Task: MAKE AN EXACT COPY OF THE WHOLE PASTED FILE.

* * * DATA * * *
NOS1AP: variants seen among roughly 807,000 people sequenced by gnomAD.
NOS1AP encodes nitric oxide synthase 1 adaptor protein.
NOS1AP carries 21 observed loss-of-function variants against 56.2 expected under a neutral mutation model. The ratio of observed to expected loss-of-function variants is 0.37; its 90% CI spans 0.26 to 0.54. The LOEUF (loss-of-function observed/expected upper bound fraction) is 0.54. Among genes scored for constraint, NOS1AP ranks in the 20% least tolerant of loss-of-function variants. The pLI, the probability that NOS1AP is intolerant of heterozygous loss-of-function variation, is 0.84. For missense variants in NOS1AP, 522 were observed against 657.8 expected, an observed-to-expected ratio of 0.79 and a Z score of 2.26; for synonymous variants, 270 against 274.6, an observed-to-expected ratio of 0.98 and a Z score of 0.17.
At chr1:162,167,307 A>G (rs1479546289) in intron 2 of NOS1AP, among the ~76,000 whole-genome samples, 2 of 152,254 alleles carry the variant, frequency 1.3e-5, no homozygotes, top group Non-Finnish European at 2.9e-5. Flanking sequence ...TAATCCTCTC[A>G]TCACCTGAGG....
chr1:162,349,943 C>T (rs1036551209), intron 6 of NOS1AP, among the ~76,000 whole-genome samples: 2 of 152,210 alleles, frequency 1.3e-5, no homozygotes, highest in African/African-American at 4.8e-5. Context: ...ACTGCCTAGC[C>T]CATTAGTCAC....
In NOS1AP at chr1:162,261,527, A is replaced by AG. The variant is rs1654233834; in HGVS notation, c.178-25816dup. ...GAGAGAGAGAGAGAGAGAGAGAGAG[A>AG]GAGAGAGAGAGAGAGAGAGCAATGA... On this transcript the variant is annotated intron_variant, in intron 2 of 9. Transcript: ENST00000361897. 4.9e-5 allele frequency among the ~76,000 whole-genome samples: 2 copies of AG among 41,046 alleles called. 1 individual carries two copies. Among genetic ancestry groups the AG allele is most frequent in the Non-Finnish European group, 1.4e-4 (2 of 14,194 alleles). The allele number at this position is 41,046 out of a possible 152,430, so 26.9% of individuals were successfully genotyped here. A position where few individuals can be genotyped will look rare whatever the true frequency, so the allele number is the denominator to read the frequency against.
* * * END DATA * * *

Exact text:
NOS1AP: variants seen among roughly 807,000 people sequenced by gnomAD.
NOS1AP encodes nitric oxide synthase 1 adaptor protein.
NOS1AP carries 21 observed loss-of-function variants against 56.2 expected under a neutral mutation model. The ratio of observed to expected loss-of-function variants is 0.37; its 90% CI spans 0.26 to 0.54. The LOEUF (loss-of-function observed/expected upper bound fraction) is 0.54. Among genes scored for constraint, NOS1AP ranks in the 20% least tolerant of loss-of-function variants. The pLI, the probability that NOS1AP is intolerant of heterozygous loss-of-function variation, is 0.84. For missense variants in NOS1AP, 522 were observed against 657.8 expected, an observed-to-expected ratio of 0.79 and a Z score of 2.26; for synonymous variants, 270 against 274.6, an observed-to-expected ratio of 0.98 and a Z score of 0.17.
At chr1:162,167,307 A>G (rs1479546289) in intron 2 of NOS1AP, among the ~76,000 whole-genome samples, 2 of 152,254 alleles carry the variant, frequency 1.3e-5, no homozygotes, top group Non-Finnish European at 2.9e-5. Flanking sequence ...TAATCCTCTC[A>G]TCACCTGAGG....
chr1:162,349,943 C>T (rs1036551209), intron 6 of NOS1AP, among the ~76,000 whole-genome samples: 2 of 152,210 alleles, frequency 1.3e-5, no homozygotes, highest in African/African-American at 4.8e-5. Context: ...ACTGCCTAGC[C>T]CATTAGTCAC....
In NOS1AP at chr1:162,261,527, A is replaced by AG. The variant is rs1654233834; in HGVS notation, c.178-25816dup. ...GAGAGAGAGAGAGAGAGAGAGAGAG[A>AG]GAGAGAGAGAGAGAGAGAGCAATGA... On this transcript the variant is annotated intron_variant, in intron 2 of 9. Transcript: ENST00000361897. 4.9e-5 allele frequency among the ~76,000 whole-genome samples: 2 copies of AG among 41,046 alleles called. 1 individual carries two copies. Among genetic ancestry groups the AG allele is most frequent in the Non-Finnish European group, 1.4e-4 (2 of 14,194 alleles). The allele number at this position is 41,046 out of a possible 152,430, so 26.9% of individuals were successfully genotyped here. A position where few individuals can be genotyped will look rare whatever the true frequency, so the allele number is the denominator to read the frequency against.